THE WEDDING RING A COMIC OPERA, performed at the THEATRE ROYAL DRURY LANE.

LONDON; Printed for T. Becket in the Strand. MDCCLXXIII Price 1s.

THE WEDDING RING, A COMIC OPERA. IN TWO ACTS. AS IT PERFORMED AT THE THEATRE ROYAL IN DRURY-LANE.

LONDON: Printed for T. BECKET, in the STRAND. MDCCLXXIII. [PRICE ONE SHILLING.]

DRAMATIS PERSONAE.

MEN.
PANDOLFO,
Mr. BANNISTER.
HENRICO,
Mr. DAVIES.
ZERBINO,
Mr. VERNON.
WOMEN.
FELICIA,
Mrs. SMITH,
LISSETTA,
Mrs. WRIGHTEN.

TO THE PUBLICK.

THE reader will perceive at first sight that the hint of this piece is borrowed from an Italian Opera, entitled, Il Filofofo di Campagna. There is also a circumstance from Moliere, which, except about twenty lines taken from different publications, and thrown occasionally into the songs, are the only pas­sages in it that have ever appeared either on the stage, or in print.

Indeed conscious of my own inability, I should have collected all the materials, had it been practicable; but attempting this with­out success, and being unwilling to throw away a subject than which 'tis hardly possible to conceive any thing more operatical, I de­termined to make a tryal of what I could do to it myself, and this in no respect with a view of setting myself up for an author, but merely from a desire of assisting my reputa­tion as a musician.

And now I should very little deserve the [Page ii] pains they have taken for me, if I did not in the warmest manner acknowledge my ob­ligations to the performers, to whose merit I am convinced I owe a considerable share of that applause the WEDDING RING has been favoured with.

I have little more to say concerning the piece. The dialogue is given for nothing more than such as would immediately arise from the situations; and if the songs are found to be irregular, I would beg leave to remark, that they were written so (the comic ones especially) on purpose, it being very often necessary, that the measure should halt in order to give a novelty to the expression of the musick. And having said thus much, such as it is, I take the liberty of submitting this trifle to the public; to that public to whom I have such infinite obligations, whose humanity and generosity I have so lately ex­perienced, and to whose amusement it will always be my greatest pride, that I have the honour of endeavouring to contribute.

C. Dibdin.

[Page]THE WEDDING RING.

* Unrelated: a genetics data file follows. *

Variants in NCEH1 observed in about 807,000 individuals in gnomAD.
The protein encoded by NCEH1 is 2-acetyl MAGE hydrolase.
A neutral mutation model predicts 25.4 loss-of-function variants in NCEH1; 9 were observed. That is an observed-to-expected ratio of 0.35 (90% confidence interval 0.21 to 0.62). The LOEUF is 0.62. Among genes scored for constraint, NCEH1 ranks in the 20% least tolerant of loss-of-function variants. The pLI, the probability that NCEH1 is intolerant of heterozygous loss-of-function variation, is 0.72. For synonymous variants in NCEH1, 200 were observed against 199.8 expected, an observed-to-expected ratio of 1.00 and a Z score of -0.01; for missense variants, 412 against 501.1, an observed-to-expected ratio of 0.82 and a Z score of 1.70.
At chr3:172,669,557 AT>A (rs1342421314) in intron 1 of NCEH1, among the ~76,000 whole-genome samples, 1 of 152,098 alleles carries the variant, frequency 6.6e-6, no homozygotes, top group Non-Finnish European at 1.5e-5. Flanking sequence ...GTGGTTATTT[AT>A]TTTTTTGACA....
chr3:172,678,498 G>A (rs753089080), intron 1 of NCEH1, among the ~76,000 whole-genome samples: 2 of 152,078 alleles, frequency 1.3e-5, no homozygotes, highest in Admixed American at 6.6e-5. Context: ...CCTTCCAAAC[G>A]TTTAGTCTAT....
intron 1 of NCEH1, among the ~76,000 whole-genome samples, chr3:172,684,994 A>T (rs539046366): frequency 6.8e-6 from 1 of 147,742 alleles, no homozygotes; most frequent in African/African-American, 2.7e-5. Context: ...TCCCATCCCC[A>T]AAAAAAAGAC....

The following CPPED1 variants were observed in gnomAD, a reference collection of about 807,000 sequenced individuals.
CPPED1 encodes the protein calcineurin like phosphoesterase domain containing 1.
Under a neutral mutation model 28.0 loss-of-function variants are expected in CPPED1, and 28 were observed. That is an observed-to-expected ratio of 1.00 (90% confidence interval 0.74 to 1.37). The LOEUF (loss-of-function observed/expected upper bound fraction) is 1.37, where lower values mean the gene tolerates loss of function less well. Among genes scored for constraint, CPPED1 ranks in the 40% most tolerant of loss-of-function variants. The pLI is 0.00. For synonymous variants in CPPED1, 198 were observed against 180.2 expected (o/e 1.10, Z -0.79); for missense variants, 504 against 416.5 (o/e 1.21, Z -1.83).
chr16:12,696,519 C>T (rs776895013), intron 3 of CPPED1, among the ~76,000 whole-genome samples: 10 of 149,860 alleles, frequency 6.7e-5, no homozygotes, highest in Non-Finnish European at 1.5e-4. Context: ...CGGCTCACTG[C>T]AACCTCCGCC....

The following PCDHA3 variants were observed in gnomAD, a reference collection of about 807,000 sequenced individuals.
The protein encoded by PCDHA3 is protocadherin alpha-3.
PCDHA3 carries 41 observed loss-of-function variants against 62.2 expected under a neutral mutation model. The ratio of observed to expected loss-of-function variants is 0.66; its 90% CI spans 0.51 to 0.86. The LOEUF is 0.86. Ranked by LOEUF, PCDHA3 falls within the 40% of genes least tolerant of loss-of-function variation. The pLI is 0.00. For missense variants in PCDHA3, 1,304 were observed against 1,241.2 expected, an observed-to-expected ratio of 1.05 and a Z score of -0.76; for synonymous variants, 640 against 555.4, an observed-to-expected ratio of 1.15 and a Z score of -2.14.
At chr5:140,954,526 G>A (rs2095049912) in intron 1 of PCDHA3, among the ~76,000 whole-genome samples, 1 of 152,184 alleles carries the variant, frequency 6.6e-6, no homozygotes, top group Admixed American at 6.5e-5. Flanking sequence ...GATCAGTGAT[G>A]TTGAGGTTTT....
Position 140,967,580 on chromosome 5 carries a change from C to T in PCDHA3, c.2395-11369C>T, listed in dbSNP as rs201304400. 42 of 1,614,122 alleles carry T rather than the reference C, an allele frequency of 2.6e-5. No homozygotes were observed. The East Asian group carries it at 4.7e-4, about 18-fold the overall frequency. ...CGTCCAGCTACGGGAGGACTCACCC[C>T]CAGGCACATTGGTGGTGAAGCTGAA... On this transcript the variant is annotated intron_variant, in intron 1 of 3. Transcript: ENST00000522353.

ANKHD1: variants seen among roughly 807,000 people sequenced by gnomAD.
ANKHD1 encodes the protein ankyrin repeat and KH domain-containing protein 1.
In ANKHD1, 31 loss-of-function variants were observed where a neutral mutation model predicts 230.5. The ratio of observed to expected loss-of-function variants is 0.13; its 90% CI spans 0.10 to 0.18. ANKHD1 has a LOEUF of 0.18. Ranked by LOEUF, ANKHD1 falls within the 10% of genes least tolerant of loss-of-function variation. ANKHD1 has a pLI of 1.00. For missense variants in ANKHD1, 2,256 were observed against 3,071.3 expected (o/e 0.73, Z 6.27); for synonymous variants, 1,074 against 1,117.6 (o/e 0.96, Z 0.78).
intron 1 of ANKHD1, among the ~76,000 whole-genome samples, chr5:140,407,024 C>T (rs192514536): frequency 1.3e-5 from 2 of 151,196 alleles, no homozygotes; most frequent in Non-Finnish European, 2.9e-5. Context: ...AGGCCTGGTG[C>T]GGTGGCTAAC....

ACT I.

SCENE I.

A Library, with doors opening into other apartments.—A table, with writings; Pandolfo reading a will, and afterwards Lissetta enters with chocolate.
PANDOLFO.
"I Give and bequeath to Zerbino my son,
"My estates, and effects, one and all, when I'm gone:
"And first, the estates, that were mortgag'd to me,
"By a card'nal, a monk, a count, and grandee,
"Worth in all, fifty thousand piastres, or more,
▪And for which I advanc'd something less than a score;
"Next, sold e're possess'd, the estates of an heir,
"Consisting of houses in charming repair;
"Which were left him long since by an over-fond grannum,
"And are worth, at the least, a thousand per annum."
Good fortunes, I'faith! next come watches, and rings,
Aigrettes—solitaires—by no means bad things,
Of which, some were pawn'd, some detain'd, and some plunder'd,
From widows, and heirs, little short of a hundred;
These, and all his possessions, without one omission,
Are giv'n to this Spark, on the following condition:
"In hopes, that my son will to virtue incline;
"And lead a life careful and honest, like mine;
"Abstaining from usury, avarice, and fraud;
"In short, treading just in the path that I trod;
▪I say, in the hope, that of this he'll take care;
▪I constitute, will, and appoint, him my heir."

[Page 2]All these possessions has old Zerbino left his son, who I intend shall marry my daughter. Let me see now what the whole will amount to—fifty thousand piastres—a thousand a year—watches—rings—aigrettes—solitaires—no less, I warrant, than to the value of—

Lis.

Sir, here's your chocolate, and Sig. Zerbino has sent—